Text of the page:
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The Smallest Deer I Have Ever Seen

August 24, 2014

photo[1]Today it is 99 degrees in Memphis, TN, US.  When many folks head indoors during this weather, I find it to be the ideal time to go bike riding.  So my friend and I loaded up our mountain bikes today and headed out for a couple of hours of riding along the Wolfe River.  This got me to thinking of a story I had written a few years ago called the Smallest Deer I Have Ever Seen.  Here it is again:

 

 

The Smallest Deer I Have Ever Seen
I thoroughly enjoy mountain biking. In a memorable biking experience, I saw the smallest deer I have ever seen in my life – a fawn, couldn’t be but a couple of weeks or so old.  Here is how it happened . . .

I was riding my mountain bike out along the River trail about 4:00 PM, the hottest part of the day.  I have come to savor the heat that is the South.  A couple of days each week I start my work day very early so I can ride the during the heat of the afternoon, when I rarely cross other bikers and only the occasional runner on the trail.

The route I have worked out is a 12 mile loop through the woods.  There are a few steep ascents and descents up and down levees and lots of roots.  I am reading some about technique – the zen of becoming one with the bike and the trail.  Speed seems a big thing in the tech lit of mountain bikes.  On first half of my loop today I did well on the technical end.  My speed picked up – I think the fastest ever.  I got up all the inclines without a hitch, and made it through the sand traps – thanks in large part to recent rain.  The greatest improvement was in my looking ahead on the trail, and not just right past my front wheel – allowing me to feel the flow of the trail unlike ever before.  On my iPod, I listened to Bill Moyers interview the poet W.S. Merwin, reading from his recent volume for which he won the Pulitzer Prize, In the Shadow of Sirius.  All was quite well.

I got to the end of the first half at the trailhead.  The parking lot was empty, baked asphalt. I sucked some water and a Gu Gel and listened to Merwin read a poem about fathers and sons.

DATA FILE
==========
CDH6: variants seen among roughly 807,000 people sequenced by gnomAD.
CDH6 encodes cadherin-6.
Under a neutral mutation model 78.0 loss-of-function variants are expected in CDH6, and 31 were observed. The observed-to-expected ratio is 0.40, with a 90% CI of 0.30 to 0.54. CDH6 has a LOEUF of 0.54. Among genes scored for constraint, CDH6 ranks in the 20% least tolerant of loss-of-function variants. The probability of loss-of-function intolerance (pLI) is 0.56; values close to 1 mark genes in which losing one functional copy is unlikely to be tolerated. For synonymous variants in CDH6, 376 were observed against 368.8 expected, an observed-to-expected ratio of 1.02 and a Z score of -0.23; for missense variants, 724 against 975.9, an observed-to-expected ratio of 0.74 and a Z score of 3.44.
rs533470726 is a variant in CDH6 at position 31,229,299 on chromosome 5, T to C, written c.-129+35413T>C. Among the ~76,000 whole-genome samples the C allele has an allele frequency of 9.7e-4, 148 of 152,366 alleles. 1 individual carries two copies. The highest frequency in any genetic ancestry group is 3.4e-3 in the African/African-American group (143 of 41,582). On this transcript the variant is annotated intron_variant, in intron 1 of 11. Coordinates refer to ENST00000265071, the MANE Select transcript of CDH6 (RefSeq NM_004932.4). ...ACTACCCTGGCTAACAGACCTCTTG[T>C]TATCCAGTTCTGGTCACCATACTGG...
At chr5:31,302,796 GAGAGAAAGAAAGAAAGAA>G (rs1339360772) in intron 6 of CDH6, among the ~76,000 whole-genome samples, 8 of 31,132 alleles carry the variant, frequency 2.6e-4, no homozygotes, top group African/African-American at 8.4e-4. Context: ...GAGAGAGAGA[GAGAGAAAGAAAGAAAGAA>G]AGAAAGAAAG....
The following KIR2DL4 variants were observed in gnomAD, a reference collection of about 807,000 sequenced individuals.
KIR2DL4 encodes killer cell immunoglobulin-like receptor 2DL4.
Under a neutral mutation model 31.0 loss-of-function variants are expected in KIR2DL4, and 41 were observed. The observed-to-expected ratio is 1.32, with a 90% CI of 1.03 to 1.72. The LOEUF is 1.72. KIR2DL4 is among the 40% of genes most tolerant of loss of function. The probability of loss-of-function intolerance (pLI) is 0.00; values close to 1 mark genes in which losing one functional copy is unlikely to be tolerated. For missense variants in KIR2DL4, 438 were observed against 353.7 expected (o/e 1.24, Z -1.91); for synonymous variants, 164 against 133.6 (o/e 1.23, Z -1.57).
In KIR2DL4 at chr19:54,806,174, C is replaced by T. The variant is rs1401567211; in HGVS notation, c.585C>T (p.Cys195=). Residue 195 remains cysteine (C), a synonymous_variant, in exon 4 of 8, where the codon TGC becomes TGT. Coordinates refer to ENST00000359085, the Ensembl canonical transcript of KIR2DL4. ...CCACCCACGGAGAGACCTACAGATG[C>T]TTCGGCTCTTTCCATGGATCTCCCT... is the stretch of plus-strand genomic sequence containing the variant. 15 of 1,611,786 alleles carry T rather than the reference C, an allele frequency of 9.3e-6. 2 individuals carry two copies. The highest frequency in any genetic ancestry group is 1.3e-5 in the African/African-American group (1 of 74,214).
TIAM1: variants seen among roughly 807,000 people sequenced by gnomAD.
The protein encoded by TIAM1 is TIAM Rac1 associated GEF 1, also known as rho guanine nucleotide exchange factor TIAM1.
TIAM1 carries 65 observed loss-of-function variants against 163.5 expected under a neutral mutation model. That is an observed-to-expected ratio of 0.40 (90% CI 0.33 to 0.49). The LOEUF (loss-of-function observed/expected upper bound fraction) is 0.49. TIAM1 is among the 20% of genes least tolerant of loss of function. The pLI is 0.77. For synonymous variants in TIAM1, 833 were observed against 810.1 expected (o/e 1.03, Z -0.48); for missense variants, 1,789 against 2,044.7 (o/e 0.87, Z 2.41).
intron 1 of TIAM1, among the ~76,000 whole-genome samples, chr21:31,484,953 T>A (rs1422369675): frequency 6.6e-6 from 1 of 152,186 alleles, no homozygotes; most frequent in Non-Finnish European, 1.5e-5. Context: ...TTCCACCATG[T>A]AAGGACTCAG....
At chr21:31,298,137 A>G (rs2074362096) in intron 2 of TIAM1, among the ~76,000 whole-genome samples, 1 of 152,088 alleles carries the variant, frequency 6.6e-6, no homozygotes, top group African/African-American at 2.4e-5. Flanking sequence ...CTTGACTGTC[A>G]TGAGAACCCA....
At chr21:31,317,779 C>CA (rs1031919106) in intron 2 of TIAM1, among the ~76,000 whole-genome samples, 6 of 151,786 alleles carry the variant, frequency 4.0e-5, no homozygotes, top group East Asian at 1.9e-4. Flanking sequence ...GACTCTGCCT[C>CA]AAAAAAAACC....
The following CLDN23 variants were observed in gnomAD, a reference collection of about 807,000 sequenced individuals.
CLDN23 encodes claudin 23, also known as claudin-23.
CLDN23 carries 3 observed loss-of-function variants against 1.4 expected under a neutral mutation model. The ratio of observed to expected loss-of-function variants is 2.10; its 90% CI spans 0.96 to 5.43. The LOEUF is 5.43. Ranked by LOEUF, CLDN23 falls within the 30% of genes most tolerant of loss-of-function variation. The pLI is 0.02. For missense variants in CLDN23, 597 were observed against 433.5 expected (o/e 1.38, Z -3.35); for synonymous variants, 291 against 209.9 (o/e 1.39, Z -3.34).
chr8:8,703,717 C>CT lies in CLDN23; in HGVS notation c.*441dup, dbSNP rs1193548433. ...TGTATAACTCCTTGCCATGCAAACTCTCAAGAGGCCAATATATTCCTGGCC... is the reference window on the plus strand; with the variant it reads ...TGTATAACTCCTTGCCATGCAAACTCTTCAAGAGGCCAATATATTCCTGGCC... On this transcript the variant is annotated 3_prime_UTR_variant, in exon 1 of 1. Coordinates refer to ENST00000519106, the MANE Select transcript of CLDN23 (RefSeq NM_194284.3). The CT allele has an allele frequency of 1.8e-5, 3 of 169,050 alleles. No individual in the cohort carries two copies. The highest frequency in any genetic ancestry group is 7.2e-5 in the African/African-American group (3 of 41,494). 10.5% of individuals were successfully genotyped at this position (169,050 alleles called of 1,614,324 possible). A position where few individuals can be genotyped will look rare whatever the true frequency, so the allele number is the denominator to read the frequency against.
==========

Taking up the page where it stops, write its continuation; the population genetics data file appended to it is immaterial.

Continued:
I started to head back.  The first leg of the return I know best.  After an initial descent, the trail is about one mile or so of reasonably flat to rolling twists and turns till coming up on the first levee.  I have always felt the most one with bike and trail on this stretch.  Today, I ripped along through the first open field into tree cover.  Barely 30 feet in front of me stood a full size deer – I don’t know a buck from doe to how many points or hands – it was just a big old deer.  I skidded to a complete stop.  I know that deer will run in a completely unpredictable manner – it’s best just to stop and let them go on their way, then proceed.  But this deer held its place in the middle of the trail.  I flipped up my sunglasses, and saw the smallest fawn ever between the legs of the big deer – could not have been more than 24 inches tall – think a miniature Bambi.  The fawn started to trot off and the big deer followed.  After several starts and stops, they soon were in the dense wood, and I could only make out their occasional move through the vegetation.

I stood astride my bike on the trail for a few minutes, put away W.S. Merwin and Bill Moyers, and listened to the heat, the insects, the birds.  I rode off slower and got up on the first levee and down the other side.  I decided to try a different oneness with the trail on the way back – a very slow, mindful, intentional amble, iPod stowed in my back pocket.  I knew not to be so naïve or grandiose to expect to see another deer, or something of a similar spectacle.  When I ascended to the second levee, I rode the spine to the river and sat for a while staring at and thinking of nothing.  I continued on deliberate, mindful, quiet and slow.  Toward the end of the loop, the trail runs along the narrow spine of a ridge full of roots, drops and turns.  Typically, this is the most difficult part of the ride for me.  I get flustered, hit roots wrong, feel awkward, and not one with the trail.  I usually rationalize it’s towards the end of a 12 mile loop and I am just a bit tired, but I know that is not really the case – something is missing.  Today I was more one with the crest and the roots than ever before, slowly looking and living into each root, dip, and turn.

After taking the gravel road back to the main park area, I always end the ride with a quick lap around the one mile asphalt track filled with joggers, walkers, and little kids on bikes.  When I pass the little kids with training wheels, or recently without, I always say “Hey, I like your bike!” and that always gets a smile of pride from the little ones.  And today, even though hot, a child on her hot pink Barbie bike was there with her folks walking along and she grinned wide at the compliment.

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